Claims on www.colgate.co.uk stated "The new Colgate ProClinical A1500 electric toothbrush is the only toothbrush in the UK with smart sensors that automatically adjust the speed and direction of the brush strokes". A list of features was shown under the heading "FEATURES AT A GLANCE". One of those was "Sonic Wave Cleaning Action". An image of the top of the toothbrush was shown with lines emanating from it. Further down the page, the same image was shown with the following claim "SONIC WAVE CLEANING ACTION. Distinct sonic wave cleaning actions provide a superior* clean for teeth and care for gums. *vs. a manual flat-trim toothbrush".
Philips Electronics UK Ltd challenged whether the claims "sonic wave cleaning action" and "distinct sonic wave cleaning actions" and the image were misleading because they believed it implied sonic waves would emanate from the toothbrush to clean teeth, which was not the case.
Colgate-Palmolive (UK) Ltd said they believed the claim "sonic wave cleaning action" would be interpreted as referring to the frequency and directions of the movement of the toothbrush. They pointed out that "sonic" referred to the frequency at which the brush vibrates and was commonly used in the power toothbrush industry. They said that "sonic wave cleaning action" was a consumer-friendly way to describe the multi-directional toothbrush modes and the high frequency vibrations. They explained that the three product modes operated at a frequency between 20,000 and 32,500 strokes per minute, which was within the sonic range. They explained that the lines surrounding the toothbrush head on the image was commonly used in the industry to denote toothbrush movement. They said that the "How to Use It" video on the Colgate-Palmolive website showed the toothbrush working in contact with the teeth. They provided Colgate-Palmolive's published clinical studies on the product.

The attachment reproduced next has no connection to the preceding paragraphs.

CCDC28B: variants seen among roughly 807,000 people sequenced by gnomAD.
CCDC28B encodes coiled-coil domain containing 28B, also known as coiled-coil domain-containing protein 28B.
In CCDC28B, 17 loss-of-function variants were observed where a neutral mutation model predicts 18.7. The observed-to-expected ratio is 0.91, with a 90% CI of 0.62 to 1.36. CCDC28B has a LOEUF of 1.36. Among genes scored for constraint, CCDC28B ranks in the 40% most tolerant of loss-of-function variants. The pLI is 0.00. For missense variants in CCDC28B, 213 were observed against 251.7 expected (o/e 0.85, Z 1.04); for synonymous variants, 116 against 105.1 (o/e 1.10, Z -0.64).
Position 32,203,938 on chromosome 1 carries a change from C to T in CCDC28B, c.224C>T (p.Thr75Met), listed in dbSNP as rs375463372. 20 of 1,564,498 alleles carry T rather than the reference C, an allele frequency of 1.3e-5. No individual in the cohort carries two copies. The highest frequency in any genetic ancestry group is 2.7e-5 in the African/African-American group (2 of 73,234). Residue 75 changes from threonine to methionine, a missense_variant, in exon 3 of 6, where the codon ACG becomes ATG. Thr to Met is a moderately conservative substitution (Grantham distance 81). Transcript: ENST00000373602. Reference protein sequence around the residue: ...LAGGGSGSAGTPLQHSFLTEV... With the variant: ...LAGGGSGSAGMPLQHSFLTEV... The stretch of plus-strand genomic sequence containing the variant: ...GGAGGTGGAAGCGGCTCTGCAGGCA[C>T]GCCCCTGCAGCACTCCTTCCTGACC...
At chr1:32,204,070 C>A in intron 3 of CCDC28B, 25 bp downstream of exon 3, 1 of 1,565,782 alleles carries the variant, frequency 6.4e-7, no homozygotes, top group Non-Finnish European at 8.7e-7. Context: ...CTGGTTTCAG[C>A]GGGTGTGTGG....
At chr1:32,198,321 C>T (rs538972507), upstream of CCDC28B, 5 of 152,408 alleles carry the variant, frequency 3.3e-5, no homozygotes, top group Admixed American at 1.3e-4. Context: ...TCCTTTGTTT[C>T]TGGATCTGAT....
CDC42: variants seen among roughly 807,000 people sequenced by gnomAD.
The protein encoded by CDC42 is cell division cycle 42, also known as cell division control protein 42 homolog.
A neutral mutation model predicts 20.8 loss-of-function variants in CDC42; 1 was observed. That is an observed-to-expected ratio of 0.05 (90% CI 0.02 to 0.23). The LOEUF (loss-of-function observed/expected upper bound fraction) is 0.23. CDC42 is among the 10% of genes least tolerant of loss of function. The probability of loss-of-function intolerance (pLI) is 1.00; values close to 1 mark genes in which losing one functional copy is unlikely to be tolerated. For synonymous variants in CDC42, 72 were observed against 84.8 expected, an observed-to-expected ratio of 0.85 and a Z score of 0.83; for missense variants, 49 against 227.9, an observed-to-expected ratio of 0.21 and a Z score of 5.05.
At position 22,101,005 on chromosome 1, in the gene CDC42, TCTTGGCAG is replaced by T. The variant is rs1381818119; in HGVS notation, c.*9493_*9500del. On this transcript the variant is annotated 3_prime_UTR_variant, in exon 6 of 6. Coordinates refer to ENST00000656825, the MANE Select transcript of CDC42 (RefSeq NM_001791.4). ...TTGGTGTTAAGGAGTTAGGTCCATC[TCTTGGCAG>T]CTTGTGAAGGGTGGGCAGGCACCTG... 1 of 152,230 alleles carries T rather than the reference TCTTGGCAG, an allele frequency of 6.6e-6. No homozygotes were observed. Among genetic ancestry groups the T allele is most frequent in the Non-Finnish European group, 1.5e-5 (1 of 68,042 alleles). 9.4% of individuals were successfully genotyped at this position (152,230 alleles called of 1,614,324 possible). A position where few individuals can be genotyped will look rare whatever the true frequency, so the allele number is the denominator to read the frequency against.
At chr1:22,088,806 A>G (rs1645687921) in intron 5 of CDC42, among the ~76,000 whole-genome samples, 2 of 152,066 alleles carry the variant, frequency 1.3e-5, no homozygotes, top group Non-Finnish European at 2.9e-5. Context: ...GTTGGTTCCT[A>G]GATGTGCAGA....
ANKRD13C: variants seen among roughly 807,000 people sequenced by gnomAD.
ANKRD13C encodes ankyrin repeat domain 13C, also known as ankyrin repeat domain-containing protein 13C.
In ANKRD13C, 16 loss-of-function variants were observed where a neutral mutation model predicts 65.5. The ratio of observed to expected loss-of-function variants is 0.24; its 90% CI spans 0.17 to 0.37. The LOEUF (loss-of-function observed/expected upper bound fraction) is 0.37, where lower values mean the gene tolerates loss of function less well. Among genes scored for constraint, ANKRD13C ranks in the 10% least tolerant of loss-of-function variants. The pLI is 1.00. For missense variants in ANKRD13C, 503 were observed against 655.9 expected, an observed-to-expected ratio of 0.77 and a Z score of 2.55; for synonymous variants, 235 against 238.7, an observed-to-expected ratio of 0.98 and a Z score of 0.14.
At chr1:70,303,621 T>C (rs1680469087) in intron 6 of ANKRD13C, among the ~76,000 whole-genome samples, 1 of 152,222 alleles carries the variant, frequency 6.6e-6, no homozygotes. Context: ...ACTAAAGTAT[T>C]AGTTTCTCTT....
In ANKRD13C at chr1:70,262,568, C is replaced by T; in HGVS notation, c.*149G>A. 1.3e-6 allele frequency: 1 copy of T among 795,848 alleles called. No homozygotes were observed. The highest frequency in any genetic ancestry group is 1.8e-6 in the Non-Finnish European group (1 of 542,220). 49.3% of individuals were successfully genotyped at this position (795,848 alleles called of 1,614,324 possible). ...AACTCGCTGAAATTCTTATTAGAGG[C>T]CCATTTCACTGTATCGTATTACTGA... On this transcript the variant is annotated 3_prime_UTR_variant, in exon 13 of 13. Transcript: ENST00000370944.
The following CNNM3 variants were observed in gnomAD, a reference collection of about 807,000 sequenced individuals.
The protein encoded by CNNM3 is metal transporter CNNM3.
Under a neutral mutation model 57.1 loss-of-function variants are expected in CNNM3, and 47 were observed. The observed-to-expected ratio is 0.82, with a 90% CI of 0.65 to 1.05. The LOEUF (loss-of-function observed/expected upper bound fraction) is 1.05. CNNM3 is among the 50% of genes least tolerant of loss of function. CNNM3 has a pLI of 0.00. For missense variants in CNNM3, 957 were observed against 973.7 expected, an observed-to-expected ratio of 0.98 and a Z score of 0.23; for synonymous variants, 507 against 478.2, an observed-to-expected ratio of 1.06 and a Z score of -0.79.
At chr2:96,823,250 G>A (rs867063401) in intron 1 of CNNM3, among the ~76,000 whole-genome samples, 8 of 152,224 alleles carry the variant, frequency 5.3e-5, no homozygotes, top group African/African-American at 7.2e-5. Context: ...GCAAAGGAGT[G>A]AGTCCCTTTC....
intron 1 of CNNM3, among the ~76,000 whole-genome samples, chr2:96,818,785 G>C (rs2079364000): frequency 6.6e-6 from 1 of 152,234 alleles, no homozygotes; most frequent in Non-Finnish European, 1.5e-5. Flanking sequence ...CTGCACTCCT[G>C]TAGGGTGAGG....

The ASA acknowledged that the product operated within the sonic frequency range. We also noted that Colgate-Palmolive had explained that the claims referred to the multi-directional modes of the toothbrush. However, we considered that consumers would interpret the claim "sonic wave cleaning action" to mean that sonic waves were emitted from the toothbrush and provided a cleaning function. We also considered that the lines surrounding the image of the toothbrush reinforced that interpretation. We considered that this was likely to impact on the decision of the consumer to purchase the product. Because of that, we concluded the ad was misleading.
The ad breached CAP Code (Edition 12) rules
Marketing communications must not materially mislead or be likely to do so.
Marketing communications must not mislead the consumer by omitting material information. They must not mislead by hiding material information or presenting it in an unclear, unintelligible, ambiguous or untimely manner.
Material information is information that the consumer needs to make informed decisions in relation to a product. Whether the omission or presentation of material information is likely to mislead the consumer depends on the context, the medium and, if the medium of the marketing communication is constrained by time or space, the measures that the marketer takes to make that information available to the consumer by other means. (Misleading advertising), 3.7 3.7 Before distributing or submitting a marketing communication for publication, marketers must hold documentary evidence to prove claims that consumers are likely to regard as objective and that are capable of objective substantiation. The ASA may regard claims as misleading in the absence of adequate substantiation. (Substantiation) and 3.11 3.11 Marketing communications must not mislead consumers by exaggerating the capability or performance of a product. (Exaggeration).
The ad must no longer appear in its current form. We told Colgate-Palmolive (UK) Ltd to ensure that claims about the product's cleaning function did not mislead in future.